>Paying Professors: Inside Google’s Academic Influence Campaign

Brody Mullins and Jack Nicas, The Wall Street Journal

Google operates a little-known program to harness the brain power of university researchers to help sway opinion and public policy, cultivating financial relationships with professors at campuses from Harvard University to the University of California, Berkeley. Over the past decade, Google has helped finance hundreds of research papers to defend against regulatory challenges of its market dominance, paying stipends of $5,000 to $400,000, The Wall Street Journal found.

>Google bars AdSense publishers from using pop-under ads

Ginny Marvin, Marketing Land

Google is shoring up its AdSense policies regarding pop-under and pop-up ads. On Tuesday, the company said it has clarified the policies around their use, explaining, “We do not believe these ads provide a good user experience, and therefore are not suitable for Google ads.”

>Free Speech Group Is Suing President Trump For Blocking Users From His Twitter Account

Corinne Grinapol, Adweek

When [email protected] tweets from the @realDonaldTrump into official-looking presidential statements, the combination of new media and the output of a tradition-scorning president juxtaposed against the traditional is rarely not bizarre. But the president’s use of his personal Twitter account to discuss the business of the government, however aberrant, makes it a public forum, and any related actions fall under First Amendment guidelines.

>Twitter has a new CFO: Ned Segal

Kurt Wagner, Recode

Twitter has hired a new CFO: Ned Segal, a longtime Goldman Sachs banker who was most recently the senior vice president of finance at Intuit in Silicon Valley. Segal will take over the CFO role from Anthony Noto, who was promoted to COO last November, and has had two jobs for the past nine months.

>Louis Vuitton is the latest luxury fashion brand to jump on the Android Wear train

Chaim Gartenberg, The Verge

It’s become a trend of late for luxury fashion brands to create their own Android Wear watches, taking virtually homogenous hardware and remixing it with their own branded take on things. We’ve already seen it with Tag Heuer, Montblanc, Movado, Hugo Boss, Diesel, Emporio Armani, Michael Kors, and Tommy Hilfiger, and now it’s apparently time for Louis Vuitton — one of the giants of designer fashion — to take its swing at it. Thus, the Louis Vuitton Tambour Horizon, the first smartwatch offering from the famed designer company. Style-wise, the Tambour Horizon is very similar to the company’s more traditional Tambour watch, but swaps the physical hardware for a digital update to Google’s Android Wear 2.0 platform.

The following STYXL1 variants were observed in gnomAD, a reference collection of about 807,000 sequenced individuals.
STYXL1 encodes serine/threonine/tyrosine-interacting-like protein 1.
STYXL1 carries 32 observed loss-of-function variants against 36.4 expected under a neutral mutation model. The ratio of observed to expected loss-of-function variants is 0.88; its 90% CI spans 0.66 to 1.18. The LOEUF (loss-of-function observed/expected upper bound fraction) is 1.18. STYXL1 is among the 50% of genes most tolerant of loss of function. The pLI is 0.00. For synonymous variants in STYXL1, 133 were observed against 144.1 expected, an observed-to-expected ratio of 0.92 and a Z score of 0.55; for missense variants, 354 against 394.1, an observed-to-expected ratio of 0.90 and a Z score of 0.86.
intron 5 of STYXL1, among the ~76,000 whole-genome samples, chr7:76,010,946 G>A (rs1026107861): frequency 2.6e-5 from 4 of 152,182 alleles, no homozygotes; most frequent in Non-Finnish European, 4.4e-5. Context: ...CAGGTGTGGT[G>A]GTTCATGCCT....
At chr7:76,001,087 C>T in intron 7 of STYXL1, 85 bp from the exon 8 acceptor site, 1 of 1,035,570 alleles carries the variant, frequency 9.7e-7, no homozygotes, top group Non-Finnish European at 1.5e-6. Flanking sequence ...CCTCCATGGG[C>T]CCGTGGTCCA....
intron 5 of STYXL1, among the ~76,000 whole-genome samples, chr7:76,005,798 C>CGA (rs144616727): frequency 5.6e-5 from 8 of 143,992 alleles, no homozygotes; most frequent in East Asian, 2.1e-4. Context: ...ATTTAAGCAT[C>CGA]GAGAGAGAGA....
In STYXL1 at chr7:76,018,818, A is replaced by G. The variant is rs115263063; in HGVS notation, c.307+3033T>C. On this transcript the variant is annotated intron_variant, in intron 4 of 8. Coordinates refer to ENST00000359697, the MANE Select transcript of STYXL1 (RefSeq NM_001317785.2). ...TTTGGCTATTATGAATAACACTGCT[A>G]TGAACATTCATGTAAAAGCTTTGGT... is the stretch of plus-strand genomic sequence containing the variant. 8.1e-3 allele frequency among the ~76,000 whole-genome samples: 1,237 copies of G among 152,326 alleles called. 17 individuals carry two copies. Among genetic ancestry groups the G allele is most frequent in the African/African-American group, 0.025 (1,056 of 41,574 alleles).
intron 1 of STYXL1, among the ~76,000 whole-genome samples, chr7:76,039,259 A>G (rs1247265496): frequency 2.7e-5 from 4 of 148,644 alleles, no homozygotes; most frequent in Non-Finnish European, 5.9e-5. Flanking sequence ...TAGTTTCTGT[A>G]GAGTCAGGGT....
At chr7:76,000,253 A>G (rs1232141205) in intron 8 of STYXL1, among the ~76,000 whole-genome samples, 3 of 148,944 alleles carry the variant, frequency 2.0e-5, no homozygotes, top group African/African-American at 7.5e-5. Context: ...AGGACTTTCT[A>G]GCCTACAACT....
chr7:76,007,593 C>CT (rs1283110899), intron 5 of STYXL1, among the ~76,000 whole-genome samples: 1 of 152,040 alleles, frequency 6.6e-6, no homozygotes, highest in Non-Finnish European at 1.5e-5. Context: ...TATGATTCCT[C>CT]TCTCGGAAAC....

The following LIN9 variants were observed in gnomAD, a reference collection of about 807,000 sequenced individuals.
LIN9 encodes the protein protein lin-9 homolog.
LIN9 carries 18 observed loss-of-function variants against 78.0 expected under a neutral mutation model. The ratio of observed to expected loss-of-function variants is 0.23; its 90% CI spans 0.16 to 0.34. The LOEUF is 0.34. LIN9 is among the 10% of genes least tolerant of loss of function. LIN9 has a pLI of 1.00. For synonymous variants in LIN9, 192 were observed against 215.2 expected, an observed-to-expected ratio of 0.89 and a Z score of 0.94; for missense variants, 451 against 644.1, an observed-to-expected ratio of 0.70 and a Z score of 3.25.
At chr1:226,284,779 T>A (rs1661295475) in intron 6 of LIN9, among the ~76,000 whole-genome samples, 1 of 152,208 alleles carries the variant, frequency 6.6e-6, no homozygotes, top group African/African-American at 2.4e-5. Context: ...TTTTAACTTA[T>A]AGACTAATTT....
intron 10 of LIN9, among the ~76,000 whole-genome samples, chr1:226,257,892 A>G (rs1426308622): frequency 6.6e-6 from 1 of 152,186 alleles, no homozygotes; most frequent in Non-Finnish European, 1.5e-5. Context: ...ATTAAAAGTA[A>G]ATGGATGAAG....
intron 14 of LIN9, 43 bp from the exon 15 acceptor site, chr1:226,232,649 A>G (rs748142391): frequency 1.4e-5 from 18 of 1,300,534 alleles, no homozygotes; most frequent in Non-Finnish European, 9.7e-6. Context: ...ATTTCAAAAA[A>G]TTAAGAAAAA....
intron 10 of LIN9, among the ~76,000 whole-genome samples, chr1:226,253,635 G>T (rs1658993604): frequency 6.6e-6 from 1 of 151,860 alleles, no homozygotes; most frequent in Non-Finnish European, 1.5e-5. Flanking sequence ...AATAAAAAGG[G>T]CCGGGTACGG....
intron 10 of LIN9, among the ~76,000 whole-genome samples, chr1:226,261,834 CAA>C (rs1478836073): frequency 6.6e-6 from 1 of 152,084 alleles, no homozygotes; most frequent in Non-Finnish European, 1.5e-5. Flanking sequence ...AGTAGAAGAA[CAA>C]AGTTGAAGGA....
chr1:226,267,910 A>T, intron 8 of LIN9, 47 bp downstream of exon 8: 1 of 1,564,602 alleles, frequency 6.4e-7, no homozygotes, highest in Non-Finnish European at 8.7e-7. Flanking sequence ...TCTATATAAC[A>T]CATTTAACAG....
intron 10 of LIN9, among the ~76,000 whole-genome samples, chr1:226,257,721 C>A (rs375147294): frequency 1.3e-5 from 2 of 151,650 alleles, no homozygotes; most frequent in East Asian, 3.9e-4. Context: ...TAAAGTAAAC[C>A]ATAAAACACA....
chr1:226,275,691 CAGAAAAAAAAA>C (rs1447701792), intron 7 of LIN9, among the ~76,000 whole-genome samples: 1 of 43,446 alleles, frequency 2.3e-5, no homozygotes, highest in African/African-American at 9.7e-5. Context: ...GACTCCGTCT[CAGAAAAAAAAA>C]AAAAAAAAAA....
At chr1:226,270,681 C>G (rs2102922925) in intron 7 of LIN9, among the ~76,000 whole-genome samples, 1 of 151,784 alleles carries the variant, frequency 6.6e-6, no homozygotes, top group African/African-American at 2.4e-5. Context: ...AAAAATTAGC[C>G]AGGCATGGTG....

PR and Marketing

>False Start: Behind Hyundai’s Fumbled NFL Deal

David Undercoffler, Advertising Age

It was the day before the 2015 NFL draft in Chicago, and last-minute preparations were nearly complete for the announcement of a monster marketing deal: Hyundai Motor America’s multiyear, multimillion-dollar sponsorship of the nation’s most popular sports league. Banners with the Hyundai and NFL logos were being unfurled.

>Takata adds new type of inflator to huge air bag recall

Tom Krisher, The Associated Press

Takata is adding a new type of air bag inflator to the nation’s largest automotive recall. The company filed documents with the U.S. government adding 2.7 million vehicles to the recall from Ford, Nissan and Mazda, all with a type of inflator that previously was thought to be safe.

>Higher Prices Boost PepsiCo Results

Imani Moise and Jennifer Maloney, The Wall Street Journal

PepsiCo Inc. said its second-quarter sales and earnings rose as the beverage and snack maker continued to offset weak demand in North America with higher prices. The company also lifted its adjusted earnings-per-share outlook for the year to $5.13 from $5.09, as it anticipates less of an impact from foreign-exchange effects.

Opinions, Editorials, Perspectives and Research

>New Study Shows That the Number of Native Ad Buyers Increased by 74% in Just One Year

Sami Main, Adweek

While ad spending is down in two key areas, print and programmatic, it’s seen a dramatic increase in native formats. MediaRadar recently analyzed ad spending patterns from print, digital and email advertisers across native, video and mobile campaigns.

>Do we want the internet of the future to look like the cable TV of today?

Jon Zieger, Recode

The future of the internet is in jeopardy. Less than three days after his inauguration, President Trump appointed Ajit Pai as FCC chairman and put in motion the repeal of Title II, the legal foundation for net neutrality rules that protect free speech and innovation on the internet.

>Matthew Taylor Says Brands Should Show How Many Zero-Hours Workers Want Permanent Jobs

Sara Spary, BuzzFeed News

Businesses that use temporary contracts or agency staff – such as Sports Direct and Asos – should be “transparent” and publish details about their “model of employment”, Matthew Taylor has said. Speaking to BuzzFeed News, Taylor, who today published a major review for the government into the modern world of work, urged government to take steps to make big businesses publish how many agency workers are used in their supply chain.